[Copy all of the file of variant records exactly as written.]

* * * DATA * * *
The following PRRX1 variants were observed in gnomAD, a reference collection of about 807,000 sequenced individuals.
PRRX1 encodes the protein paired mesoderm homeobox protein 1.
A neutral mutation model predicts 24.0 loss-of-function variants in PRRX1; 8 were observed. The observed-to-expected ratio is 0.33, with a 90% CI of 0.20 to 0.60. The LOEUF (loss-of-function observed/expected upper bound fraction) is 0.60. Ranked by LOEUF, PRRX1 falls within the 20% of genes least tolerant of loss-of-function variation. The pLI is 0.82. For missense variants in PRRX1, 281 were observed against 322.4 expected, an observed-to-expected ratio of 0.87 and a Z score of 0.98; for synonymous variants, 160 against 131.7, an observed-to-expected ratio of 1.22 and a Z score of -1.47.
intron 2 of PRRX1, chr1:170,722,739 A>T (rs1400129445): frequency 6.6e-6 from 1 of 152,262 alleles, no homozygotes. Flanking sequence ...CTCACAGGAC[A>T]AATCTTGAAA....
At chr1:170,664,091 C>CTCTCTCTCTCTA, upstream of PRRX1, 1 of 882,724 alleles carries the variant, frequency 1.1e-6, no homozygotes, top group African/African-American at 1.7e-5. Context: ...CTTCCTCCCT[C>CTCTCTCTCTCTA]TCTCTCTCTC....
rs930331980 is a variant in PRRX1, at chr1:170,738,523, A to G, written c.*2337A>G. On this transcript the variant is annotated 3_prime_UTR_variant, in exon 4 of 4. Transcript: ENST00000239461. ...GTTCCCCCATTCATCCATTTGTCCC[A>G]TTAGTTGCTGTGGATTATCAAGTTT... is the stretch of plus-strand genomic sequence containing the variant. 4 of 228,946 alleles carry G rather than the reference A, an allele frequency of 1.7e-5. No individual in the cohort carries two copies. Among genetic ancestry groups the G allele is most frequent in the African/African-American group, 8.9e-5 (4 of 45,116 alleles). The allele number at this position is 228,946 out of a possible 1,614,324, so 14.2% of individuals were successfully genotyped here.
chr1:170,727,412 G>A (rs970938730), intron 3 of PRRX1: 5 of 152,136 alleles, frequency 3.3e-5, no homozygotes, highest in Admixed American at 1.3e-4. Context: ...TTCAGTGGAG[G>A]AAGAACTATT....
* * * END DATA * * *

The following PRRX1 variants were observed in gnomAD, a reference collection of about 807,000 sequenced individuals.
PRRX1 encodes the protein paired mesoderm homeobox protein 1.
A neutral mutation model predicts 24.0 loss-of-function variants in PRRX1; 8 were observed. The observed-to-expected ratio is 0.33, with a 90% CI of 0.20 to 0.60. The LOEUF (loss-of-function observed/expected upper bound fraction) is 0.60. Ranked by LOEUF, PRRX1 falls within the 20% of genes least tolerant of loss-of-function variation. The pLI is 0.82. For missense variants in PRRX1, 281 were observed against 322.4 expected, an observed-to-expected ratio of 0.87 and a Z score of 0.98; for synonymous variants, 160 against 131.7, an observed-to-expected ratio of 1.22 and a Z score of -1.47.
intron 2 of PRRX1, chr1:170,722,739 A>T (rs1400129445): frequency 6.6e-6 from 1 of 152,262 alleles, no homozygotes. Flanking sequence ...CTCACAGGAC[A>T]AATCTTGAAA....
At chr1:170,664,091 C>CTCTCTCTCTCTA, upstream of PRRX1, 1 of 882,724 alleles carries the variant, frequency 1.1e-6, no homozygotes, top group African/African-American at 1.7e-5. Context: ...CTTCCTCCCT[C>CTCTCTCTCTCTA]TCTCTCTCTC....
rs930331980 is a variant in PRRX1, at chr1:170,738,523, A to G, written c.*2337A>G. On this transcript the variant is annotated 3_prime_UTR_variant, in exon 4 of 4. Transcript: ENST00000239461. ...GTTCCCCCATTCATCCATTTGTCCC[A>G]TTAGTTGCTGTGGATTATCAAGTTT... is the stretch of plus-strand genomic sequence containing the variant. 4 of 228,946 alleles carry G rather than the reference A, an allele frequency of 1.7e-5. No individual in the cohort carries two copies. Among genetic ancestry groups the G allele is most frequent in the African/African-American group, 8.9e-5 (4 of 45,116 alleles). The allele number at this position is 228,946 out of a possible 1,614,324, so 14.2% of individuals were successfully genotyped here.
chr1:170,727,412 G>A (rs970938730), intron 3 of PRRX1: 5 of 152,136 alleles, frequency 3.3e-5, no homozygotes, highest in Admixed American at 1.3e-4. Context: ...TTCAGTGGAG[G>A]AAGAACTATT....